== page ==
met with the men and women of our Joint Task Force-Full Accounting under 
the overall command of Adm. Charles Larson and Maj. Gen. Tom Needham.  
We were profoundly impressed by their dedication and the difficult 
conditions under which they labor.  For the last 18 months, they have 
risked their health inching through dense jungles and mountain peaks in 
Vietnam, Laos, and Cambodia gleaning for clues.

The Record
Let me add that this Joint Task Force exists today, in good measure, 
because of a patriot who has served three Presidents as the Special 
Emissary to Hanoi--the former Chairman of the Joint Chiefs of Staff, 
Gen. John Vessey.  Entering the army as a private and rising to the 
highest position in our armed forces, he gave 46 years of outstanding 
service to the nation.  A grateful country could not have asked for 
more.  But General Vessey had more to give.  He dedicated himself to 
seeking the answers to the questions that plagued the families of those 
missing.  Accordingly, in 1987 he went on the first of six trips to 
Hanoi.  Accordingly, he helped establish the JTF 2 years ago.  Ever 
since, we have made significant progress.

--  Two years ago, there were no Americans assigned to search for our 
missing in Vietnam.  Now there is a POW/MIA investigative office in 
Hanoi with a permanent staff of 12, and every 2 months up to 80 
temporary personnel working on field investigations.

--  Two years ago, there was no way to check out reports of Americans 
who may still be held alive.  Now, a mechanism is in place to thoroughly 
probe every report of live sightings.  We have successfully investigated 
all of them to date.

--  Two years ago, there was little access to battlefields and crash 
sites.  When permitted, the explorations proceeded at a snail's pace.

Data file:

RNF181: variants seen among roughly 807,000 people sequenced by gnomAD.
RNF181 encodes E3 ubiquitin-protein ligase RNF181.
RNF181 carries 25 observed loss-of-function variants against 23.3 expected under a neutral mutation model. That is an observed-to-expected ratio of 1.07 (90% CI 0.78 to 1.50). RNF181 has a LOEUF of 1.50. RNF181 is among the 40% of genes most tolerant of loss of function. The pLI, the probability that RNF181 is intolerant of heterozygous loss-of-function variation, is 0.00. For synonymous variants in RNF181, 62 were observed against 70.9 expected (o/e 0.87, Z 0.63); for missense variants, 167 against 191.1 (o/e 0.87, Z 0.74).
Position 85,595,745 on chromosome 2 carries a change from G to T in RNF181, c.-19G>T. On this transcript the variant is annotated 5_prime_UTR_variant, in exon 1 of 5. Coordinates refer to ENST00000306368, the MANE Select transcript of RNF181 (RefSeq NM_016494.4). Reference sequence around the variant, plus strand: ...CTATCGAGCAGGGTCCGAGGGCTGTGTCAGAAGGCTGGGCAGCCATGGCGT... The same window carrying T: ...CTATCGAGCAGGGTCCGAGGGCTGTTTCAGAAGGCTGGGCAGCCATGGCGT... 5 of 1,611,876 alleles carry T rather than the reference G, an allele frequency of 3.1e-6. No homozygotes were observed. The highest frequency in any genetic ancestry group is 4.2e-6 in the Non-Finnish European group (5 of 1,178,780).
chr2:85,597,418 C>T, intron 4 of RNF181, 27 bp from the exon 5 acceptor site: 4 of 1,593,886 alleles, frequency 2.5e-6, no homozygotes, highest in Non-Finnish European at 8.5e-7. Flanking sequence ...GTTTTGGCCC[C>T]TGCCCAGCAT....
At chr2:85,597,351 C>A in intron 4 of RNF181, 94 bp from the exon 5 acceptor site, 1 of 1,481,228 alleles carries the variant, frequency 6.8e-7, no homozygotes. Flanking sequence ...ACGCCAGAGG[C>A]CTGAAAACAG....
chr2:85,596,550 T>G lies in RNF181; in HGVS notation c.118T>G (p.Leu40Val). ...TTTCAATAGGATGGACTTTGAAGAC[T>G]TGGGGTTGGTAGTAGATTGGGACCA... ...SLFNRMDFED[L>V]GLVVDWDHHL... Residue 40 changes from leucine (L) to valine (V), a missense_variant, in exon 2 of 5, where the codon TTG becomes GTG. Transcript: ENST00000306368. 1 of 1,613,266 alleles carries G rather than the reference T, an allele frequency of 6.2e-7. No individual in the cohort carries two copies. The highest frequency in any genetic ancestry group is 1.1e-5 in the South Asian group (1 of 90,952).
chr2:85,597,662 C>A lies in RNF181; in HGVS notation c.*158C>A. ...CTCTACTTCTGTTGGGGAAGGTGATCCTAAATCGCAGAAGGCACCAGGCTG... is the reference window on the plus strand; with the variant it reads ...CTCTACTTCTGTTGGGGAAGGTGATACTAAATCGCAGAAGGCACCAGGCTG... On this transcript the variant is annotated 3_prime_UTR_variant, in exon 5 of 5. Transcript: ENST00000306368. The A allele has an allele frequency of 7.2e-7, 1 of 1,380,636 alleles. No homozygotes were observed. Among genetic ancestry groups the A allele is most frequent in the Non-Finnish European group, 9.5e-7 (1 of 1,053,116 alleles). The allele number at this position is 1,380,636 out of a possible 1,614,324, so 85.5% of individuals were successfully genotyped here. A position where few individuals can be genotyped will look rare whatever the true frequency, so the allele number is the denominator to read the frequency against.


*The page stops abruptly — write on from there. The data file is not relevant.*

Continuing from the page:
Now, Vietnam cooperates fully with the JTF comprehensive work plan for 
excavating crash sites and grave locations, and field operations are 
taking place every other month.

--  Two years ago, Vietnamese records which could aid our search were 
barred to us.  Now, we have a mechanism to examine pertinent material 
from Vietnam's military museums and archives for clues.  We also have a 
commitment from Vietnamese leaders to allow our researchers to see all 
of their records on POW/MIAs.

With the aid of a delegation to Hanoi this past May, which included 
members of the Senate and House as well as three veterans organizations, 
there is now a Joint Information Center in Hanoi.  Vietnam has pledged 
to place all their POW/MIA-related documents in this facility.

Now we also have established a system to conduct interviews with current 
and former Vietnamese military officials who might have information 
about our missing.  Cases requiring trilateral cooperation between Laos, 
Vietnam, and the United States will be investigated for the first time 
through simultaneous bilateral field activities inside Laos and Vietnam.  
This breakthrough was achieved at the August trilateral meetings in 
Hawaii.

All these mechanisms will help President Clinton to fulfill his pledge 
to the families of the missing--that everything possible will be done to 
determine the fates of their missing fathers and sons, husbands and 
brothers.

In many instances these answers will hurt.  Often, they will not be 
complete.  Our goal is to realize, as fully as humanly possible, whether 
American serviceman are alive or dead, the circumstances of those who 
made the ultimate sacrifice, and the recovery and repatriation of their 
remains.

We know that this will not always be feasible.  For example, more than 
400 individuals listed as MIAs were downed in air crashes over water.  
And we also know that it is no consolation that the victims of 
unknowable fates are not alone--they join tens of thousands of their 
comrades in arms who also served America valiantly in other times and 
other places.  But despite all obstacles, the activities I have 
described produce information vital to many families.

Now, let me address an issue of concern to many of you--the live 
prisoner question.  Since we began our POW/MIA accounting work, our 
foremost priority was to determine if any of our missing might still be 
alive and detained against their will.  That was the focus of our field 
investigations.

We also established a mechanism for conducting live-sighting 
investigations.  This has enabled us to conduct, on the ground in 
Vietnam, 80 such investigations concerning reports that an American POW 
may have been alive after Operation Homecoming.  We have traveled across 
Vietnam searching for evidence in villages, in prisons, and in military 
facilities.  None of these investigations points to a living American